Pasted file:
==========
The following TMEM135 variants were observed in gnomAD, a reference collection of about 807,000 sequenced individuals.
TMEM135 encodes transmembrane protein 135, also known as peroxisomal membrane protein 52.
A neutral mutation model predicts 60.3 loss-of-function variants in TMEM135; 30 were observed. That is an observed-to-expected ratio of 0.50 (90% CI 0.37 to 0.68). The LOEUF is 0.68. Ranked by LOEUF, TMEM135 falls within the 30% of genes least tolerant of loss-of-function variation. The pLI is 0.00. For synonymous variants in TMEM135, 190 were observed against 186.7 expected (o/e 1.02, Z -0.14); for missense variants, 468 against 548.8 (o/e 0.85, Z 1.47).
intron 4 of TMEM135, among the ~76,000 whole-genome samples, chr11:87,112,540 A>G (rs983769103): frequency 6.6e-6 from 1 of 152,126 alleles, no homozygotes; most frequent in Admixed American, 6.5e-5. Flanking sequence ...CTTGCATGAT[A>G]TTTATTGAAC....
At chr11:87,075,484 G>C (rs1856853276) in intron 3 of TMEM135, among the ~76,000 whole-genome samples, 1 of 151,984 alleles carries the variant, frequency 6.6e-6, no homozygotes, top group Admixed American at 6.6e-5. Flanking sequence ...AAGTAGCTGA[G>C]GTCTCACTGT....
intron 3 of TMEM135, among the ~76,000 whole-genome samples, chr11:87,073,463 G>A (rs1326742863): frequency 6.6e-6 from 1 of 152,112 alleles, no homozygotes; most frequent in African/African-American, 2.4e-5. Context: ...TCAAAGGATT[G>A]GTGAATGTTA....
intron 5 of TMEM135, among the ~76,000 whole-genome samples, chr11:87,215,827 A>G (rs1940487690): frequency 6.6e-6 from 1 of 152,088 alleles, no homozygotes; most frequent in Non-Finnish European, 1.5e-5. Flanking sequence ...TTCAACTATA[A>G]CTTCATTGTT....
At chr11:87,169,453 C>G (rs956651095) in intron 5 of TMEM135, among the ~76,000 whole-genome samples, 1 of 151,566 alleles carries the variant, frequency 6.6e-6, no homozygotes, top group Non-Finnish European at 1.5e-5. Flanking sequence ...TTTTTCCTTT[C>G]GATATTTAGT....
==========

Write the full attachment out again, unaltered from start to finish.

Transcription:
The following TMEM135 variants were observed in gnomAD, a reference collection of about 807,000 sequenced individuals.
TMEM135 encodes transmembrane protein 135, also known as peroxisomal membrane protein 52.
A neutral mutation model predicts 60.3 loss-of-function variants in TMEM135; 30 were observed. That is an observed-to-expected ratio of 0.50 (90% CI 0.37 to 0.68). The LOEUF is 0.68. Ranked by LOEUF, TMEM135 falls within the 30% of genes least tolerant of loss-of-function variation. The pLI is 0.00. For synonymous variants in TMEM135, 190 were observed against 186.7 expected (o/e 1.02, Z -0.14); for missense variants, 468 against 548.8 (o/e 0.85, Z 1.47).
intron 4 of TMEM135, among the ~76,000 whole-genome samples, chr11:87,112,540 A>G (rs983769103): frequency 6.6e-6 from 1 of 152,126 alleles, no homozygotes; most frequent in Admixed American, 6.5e-5. Flanking sequence ...CTTGCATGAT[A>G]TTTATTGAAC....
At chr11:87,075,484 G>C (rs1856853276) in intron 3 of TMEM135, among the ~76,000 whole-genome samples, 1 of 151,984 alleles carries the variant, frequency 6.6e-6, no homozygotes, top group Admixed American at 6.6e-5. Flanking sequence ...AAGTAGCTGA[G>C]GTCTCACTGT....
intron 3 of TMEM135, among the ~76,000 whole-genome samples, chr11:87,073,463 G>A (rs1326742863): frequency 6.6e-6 from 1 of 152,112 alleles, no homozygotes; most frequent in African/African-American, 2.4e-5. Context: ...TCAAAGGATT[G>A]GTGAATGTTA....
intron 5 of TMEM135, among the ~76,000 whole-genome samples, chr11:87,215,827 A>G (rs1940487690): frequency 6.6e-6 from 1 of 152,088 alleles, no homozygotes; most frequent in Non-Finnish European, 1.5e-5. Flanking sequence ...TTCAACTATA[A>G]CTTCATTGTT....
At chr11:87,169,453 C>G (rs956651095) in intron 5 of TMEM135, among the ~76,000 whole-genome samples, 1 of 151,566 alleles carries the variant, frequency 6.6e-6, no homozygotes, top group Non-Finnish European at 1.5e-5. Flanking sequence ...TTTTTCCTTT[C>G]GATATTTAGT....